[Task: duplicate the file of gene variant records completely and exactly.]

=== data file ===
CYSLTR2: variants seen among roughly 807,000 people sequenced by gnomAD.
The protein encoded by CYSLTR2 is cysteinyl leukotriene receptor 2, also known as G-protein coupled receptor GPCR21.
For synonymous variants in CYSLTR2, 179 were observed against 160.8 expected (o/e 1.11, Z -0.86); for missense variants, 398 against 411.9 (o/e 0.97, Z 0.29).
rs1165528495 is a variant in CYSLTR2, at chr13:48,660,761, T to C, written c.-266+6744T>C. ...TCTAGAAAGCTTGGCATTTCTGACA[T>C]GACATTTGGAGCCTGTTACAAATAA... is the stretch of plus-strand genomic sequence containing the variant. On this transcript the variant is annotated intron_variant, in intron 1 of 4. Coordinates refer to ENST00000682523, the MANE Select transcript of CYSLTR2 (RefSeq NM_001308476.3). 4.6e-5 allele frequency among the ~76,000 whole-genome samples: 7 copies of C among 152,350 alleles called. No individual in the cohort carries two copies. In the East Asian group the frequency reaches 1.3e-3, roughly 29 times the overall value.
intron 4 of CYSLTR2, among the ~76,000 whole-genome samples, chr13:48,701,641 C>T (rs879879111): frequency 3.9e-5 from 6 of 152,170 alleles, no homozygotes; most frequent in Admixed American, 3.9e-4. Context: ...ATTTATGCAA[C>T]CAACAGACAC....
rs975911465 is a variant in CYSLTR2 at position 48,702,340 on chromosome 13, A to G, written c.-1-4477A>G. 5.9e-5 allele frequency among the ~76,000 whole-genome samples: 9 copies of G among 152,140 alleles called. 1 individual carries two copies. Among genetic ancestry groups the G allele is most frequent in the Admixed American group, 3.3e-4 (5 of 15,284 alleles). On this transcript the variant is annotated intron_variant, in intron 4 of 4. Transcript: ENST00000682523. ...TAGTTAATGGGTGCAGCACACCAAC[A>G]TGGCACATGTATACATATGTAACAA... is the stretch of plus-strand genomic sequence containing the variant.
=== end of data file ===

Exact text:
CYSLTR2: variants seen among roughly 807,000 people sequenced by gnomAD.
The protein encoded by CYSLTR2 is cysteinyl leukotriene receptor 2, also known as G-protein coupled receptor GPCR21.
For synonymous variants in CYSLTR2, 179 were observed against 160.8 expected (o/e 1.11, Z -0.86); for missense variants, 398 against 411.9 (o/e 0.97, Z 0.29).
rs1165528495 is a variant in CYSLTR2, at chr13:48,660,761, T to C, written c.-266+6744T>C. ...TCTAGAAAGCTTGGCATTTCTGACA[T>C]GACATTTGGAGCCTGTTACAAATAA... is the stretch of plus-strand genomic sequence containing the variant. On this transcript the variant is annotated intron_variant, in intron 1 of 4. Coordinates refer to ENST00000682523, the MANE Select transcript of CYSLTR2 (RefSeq NM_001308476.3). 4.6e-5 allele frequency among the ~76,000 whole-genome samples: 7 copies of C among 152,350 alleles called. No individual in the cohort carries two copies. In the East Asian group the frequency reaches 1.3e-3, roughly 29 times the overall value.
intron 4 of CYSLTR2, among the ~76,000 whole-genome samples, chr13:48,701,641 C>T (rs879879111): frequency 3.9e-5 from 6 of 152,170 alleles, no homozygotes; most frequent in Admixed American, 3.9e-4. Context: ...ATTTATGCAA[C>T]CAACAGACAC....
rs975911465 is a variant in CYSLTR2 at position 48,702,340 on chromosome 13, A to G, written c.-1-4477A>G. 5.9e-5 allele frequency among the ~76,000 whole-genome samples: 9 copies of G among 152,140 alleles called. 1 individual carries two copies. Among genetic ancestry groups the G allele is most frequent in the Admixed American group, 3.3e-4 (5 of 15,284 alleles). On this transcript the variant is annotated intron_variant, in intron 4 of 4. Transcript: ENST00000682523. ...TAGTTAATGGGTGCAGCACACCAAC[A>G]TGGCACATGTATACATATGTAACAA... is the stretch of plus-strand genomic sequence containing the variant.